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CPS attracts interest of freshmen

By Neil J. Ross

Almost 400 freshmen have expressed interest in the newly-formed Center for Public Service at MIT, according to Public Service Coordinator Virginia Sorenson. The center was formed last November in order to match up students interested in volunteer work with the local volunteer agencies in need of their labor.

Eight-two freshmen signed on with the center at the last week's Activities Midway and about 300 freshmen expressed an interest in the center through the freshman summer mailing package.

``I think of myself as providing support for students' efforts," Sorenson said. Over the past year, she has accumulated a list of approximately 100 non-profit service organizations in the Cambridge area which have openings for volunteers. Through the center, Sorenson attempts to connect students with special interests to the groups which share those same interests.

For many of these organizations, Sorenson has become their "main contact at MIT," according to Antonia Burke of the Cambridge School Voluteers.

To better assess student interest in volunteer work, the center took a survey of MIT undergraduates last May. The results of that survey gave the Center four special areas of focus: underprivileged youth, hunger and homelessness, health and medical issues, and education.

Linking together the other service agencies on campus, the center's operational committee includes representatives from Alpha Phi Omega, Technology Community Association and Tau Beta Pi. However, the resources offered by the center are not for organizations alone. One of the center's jobs last year was to find funding for interns in public service so that the remuneration could compare with that offered by large companies.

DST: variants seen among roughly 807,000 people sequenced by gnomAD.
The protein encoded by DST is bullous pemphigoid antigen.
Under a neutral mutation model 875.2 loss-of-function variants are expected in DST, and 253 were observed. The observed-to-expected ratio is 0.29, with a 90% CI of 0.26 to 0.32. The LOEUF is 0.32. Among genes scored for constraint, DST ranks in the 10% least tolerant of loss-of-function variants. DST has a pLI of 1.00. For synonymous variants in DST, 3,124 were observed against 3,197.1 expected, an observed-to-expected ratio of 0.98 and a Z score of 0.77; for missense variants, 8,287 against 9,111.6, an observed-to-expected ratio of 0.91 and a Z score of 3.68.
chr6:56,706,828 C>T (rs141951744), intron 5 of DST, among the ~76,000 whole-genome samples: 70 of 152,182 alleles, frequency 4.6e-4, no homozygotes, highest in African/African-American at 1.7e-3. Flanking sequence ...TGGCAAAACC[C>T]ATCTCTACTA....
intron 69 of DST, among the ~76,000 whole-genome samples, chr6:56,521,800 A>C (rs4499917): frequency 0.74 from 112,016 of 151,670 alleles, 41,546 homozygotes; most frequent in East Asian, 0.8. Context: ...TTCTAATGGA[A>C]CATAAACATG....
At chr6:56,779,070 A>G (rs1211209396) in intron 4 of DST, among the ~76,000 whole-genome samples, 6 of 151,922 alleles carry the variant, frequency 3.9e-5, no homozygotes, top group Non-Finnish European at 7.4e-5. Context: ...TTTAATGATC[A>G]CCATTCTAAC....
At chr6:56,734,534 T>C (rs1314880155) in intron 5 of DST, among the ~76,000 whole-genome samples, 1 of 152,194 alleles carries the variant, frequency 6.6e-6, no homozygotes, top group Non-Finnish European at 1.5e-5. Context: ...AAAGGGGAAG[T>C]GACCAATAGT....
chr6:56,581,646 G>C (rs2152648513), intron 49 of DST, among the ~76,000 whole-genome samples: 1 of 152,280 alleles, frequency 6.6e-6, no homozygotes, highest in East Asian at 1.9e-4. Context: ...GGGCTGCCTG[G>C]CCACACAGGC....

The Center for Public Service at MIT is helping MIT both to retain old friends in the community and to win new ones. For example, Cambridge School Volunteers, a Cambridge-based education project, has been in existence for 23 years and throughout its existence has always had strong ties with MIT. For Cambridge School Volunteers, the center has given them additional publicity and exposure among the student community, Burke said. Sorenson's inside knowledge of MIT has enabled them to reach a much wider student audience, and as a result they have seen no less than a 200 percent increase in volunteer numbers from MIT for their high school tutoring program, according to Burke.

Another organization which has been helped by the center is the Salvation Army, which reported that, simply as a re-

sult of the Public Service Midway run by the center last Spring, they recruited 25 new student volunteers.

Yet another success story for the center is Tutoring Plus, a 25-year-old community agency which, like Cambridge School Volunteers, has always had strong ties with MIT. Last year a total of 233 MIT student volunteers helped them, mainly on large projects.

Looking to the future, the center plans a Public Service Day on Oct. 14, which will provide another opportunity for interested students to be matched up with a volunteer organization.